Five Steps Toward a “Full Cost” Approach to Funding Nonprofits

How can funders and nonprofits get on the same page when it comes to communicating the actual costs of running a nonprofit organization? Nonprofits operate with incredible resourcefulness, but many still struggle to find the necessary funding to cover their overhead and long-term expenses.

The Full Cost Project, a joint initiative of Philanthropy California and the Nonprofit Finance Fund (NFF), aims to tackle this challenge by training both funders and nonprofits on how to calculate the full cost of achieving outcomes and talk openly with one another about these costs. Adopting a full cost budgeting approach allows nonprofits to work with realistic administrative and fundraising costs and manage successful programs.

Recently, Philanthropy California asked Harder+Company Community Research to conduct an evaluation of Phase Two of the Full Cost Project. Our goal was to understand how nonprofit executives and funders/program officers developed their knowledge and practices in order to move toward a full cost approach. We also explored what further resources are necessary to help make changes in practice and culture.

We identified five practical steps for nonprofits and funders to consider as they begin to shift their practices and mindsets toward a full cost approach.

1. Address power dynamics between funders and nonprofits

There’s a power imbalance built into the funder-nonprofit dynamic, with funders holding significant decision-making power over the terms of funding. While nonprofit executives need to share with their funders the full cost of programs and organizational operations, the responsibility of starting the conversation rests on funders. Openly discussing power dynamics can help break down implicit and explicit barriers to supporting the full costs of nonprofits.

2. Start a conversation about full cost internally and externally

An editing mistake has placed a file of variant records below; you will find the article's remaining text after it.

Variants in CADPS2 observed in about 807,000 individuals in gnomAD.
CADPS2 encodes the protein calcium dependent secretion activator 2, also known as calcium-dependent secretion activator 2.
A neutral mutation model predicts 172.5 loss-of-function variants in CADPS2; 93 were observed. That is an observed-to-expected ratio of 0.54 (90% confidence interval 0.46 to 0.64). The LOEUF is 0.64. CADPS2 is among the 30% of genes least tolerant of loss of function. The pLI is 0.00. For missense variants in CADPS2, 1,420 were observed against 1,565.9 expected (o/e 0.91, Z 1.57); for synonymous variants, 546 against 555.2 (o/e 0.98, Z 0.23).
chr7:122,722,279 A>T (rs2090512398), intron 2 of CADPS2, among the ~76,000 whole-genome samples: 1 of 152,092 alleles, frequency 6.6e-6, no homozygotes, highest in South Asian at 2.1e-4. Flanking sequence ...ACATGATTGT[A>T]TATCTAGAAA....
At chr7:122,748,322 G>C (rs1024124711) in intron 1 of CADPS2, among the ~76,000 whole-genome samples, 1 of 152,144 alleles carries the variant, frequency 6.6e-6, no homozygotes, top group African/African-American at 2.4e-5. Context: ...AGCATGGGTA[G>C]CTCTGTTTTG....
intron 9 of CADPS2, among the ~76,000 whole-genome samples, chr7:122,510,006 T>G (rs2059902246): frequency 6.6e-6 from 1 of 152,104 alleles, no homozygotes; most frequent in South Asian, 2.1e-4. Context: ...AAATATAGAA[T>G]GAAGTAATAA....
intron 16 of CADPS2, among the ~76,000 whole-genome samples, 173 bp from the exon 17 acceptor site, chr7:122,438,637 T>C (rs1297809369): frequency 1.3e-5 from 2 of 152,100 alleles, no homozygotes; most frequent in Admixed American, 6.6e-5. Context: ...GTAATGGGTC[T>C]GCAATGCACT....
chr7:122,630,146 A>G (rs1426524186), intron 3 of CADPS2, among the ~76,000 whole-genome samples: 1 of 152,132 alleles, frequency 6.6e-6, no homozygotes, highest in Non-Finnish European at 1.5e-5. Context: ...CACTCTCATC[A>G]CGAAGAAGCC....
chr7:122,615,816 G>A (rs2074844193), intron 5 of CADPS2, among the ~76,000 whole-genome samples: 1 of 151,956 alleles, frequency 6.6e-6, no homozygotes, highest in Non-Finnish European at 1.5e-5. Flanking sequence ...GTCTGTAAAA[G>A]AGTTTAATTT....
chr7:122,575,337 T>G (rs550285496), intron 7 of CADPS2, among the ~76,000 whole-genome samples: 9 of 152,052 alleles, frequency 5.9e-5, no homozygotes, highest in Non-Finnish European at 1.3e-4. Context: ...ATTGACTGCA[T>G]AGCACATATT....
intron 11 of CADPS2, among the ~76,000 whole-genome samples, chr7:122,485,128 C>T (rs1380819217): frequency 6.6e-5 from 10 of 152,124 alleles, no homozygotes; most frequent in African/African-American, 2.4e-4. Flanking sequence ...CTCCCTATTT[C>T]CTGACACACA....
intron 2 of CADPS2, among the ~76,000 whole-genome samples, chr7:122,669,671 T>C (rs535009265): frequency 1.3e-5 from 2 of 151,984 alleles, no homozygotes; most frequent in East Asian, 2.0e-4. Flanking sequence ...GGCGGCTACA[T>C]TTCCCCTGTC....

Since full cost is an emerging concept, it is crucial for funders and nonprofit executives to speak openly within their organizations and with their peers about the benefits of a full cost approach. Through candid conversations across the philanthropic sector, commitment to this approach can grow.

3. Access resources to train staff about full cost

Continuous learning is key to supporting awareness and adoption of this approach. Many nonprofits and funders were able to take what they learned in the Full Cost Project trainings and share back to their organizations. Philanthropy California provides access to online resources to further reinforce and encourage this learning process.

4. Adopt/Adapt full cost principles and practices within the constraints of your organization

While each funder and nonprofit has its own particular operational and financial structures, full cost principles and practices can be adopted within any organizational framework. It is not the goal of the Full Cost Project to get every funder or nonprofit to opt into all the practices immediately, but rather to adopt and adapt the practices that make sense within their organizational contexts and constraints.

5. Empower staff to question existing practices that are detrimental to the success of nonprofits

Staff at all levels can participate in improving policies and procedures that strengthen nonprofit impact. Organizational leaders need to be intentional about shifting their mindset to one that allows more people to play a role in making a full cost approach happen.

Steps Toward the Future of Full Cost

While our evaluation made clear that funders and nonprofits agree with the principles of a full cost approach, lots of barriers to implementation still exist. Particularly, both funders and nonprofits recognize that power dynamics make it difficult for nonprofits to have honest conversations with their funders about the full cost of operating. Even though funders are beginning to change their mindsets and practices, they are also struggling with how to incorporate new approaches under their restrictive funding structures. Work still needs to be done to move further along from principles to practices.

The Full Cost Project is now entering Phase Three of its work, which will focus on:

If you want to learn more about the Full Cost Project and our evaluation findings, check out our final report.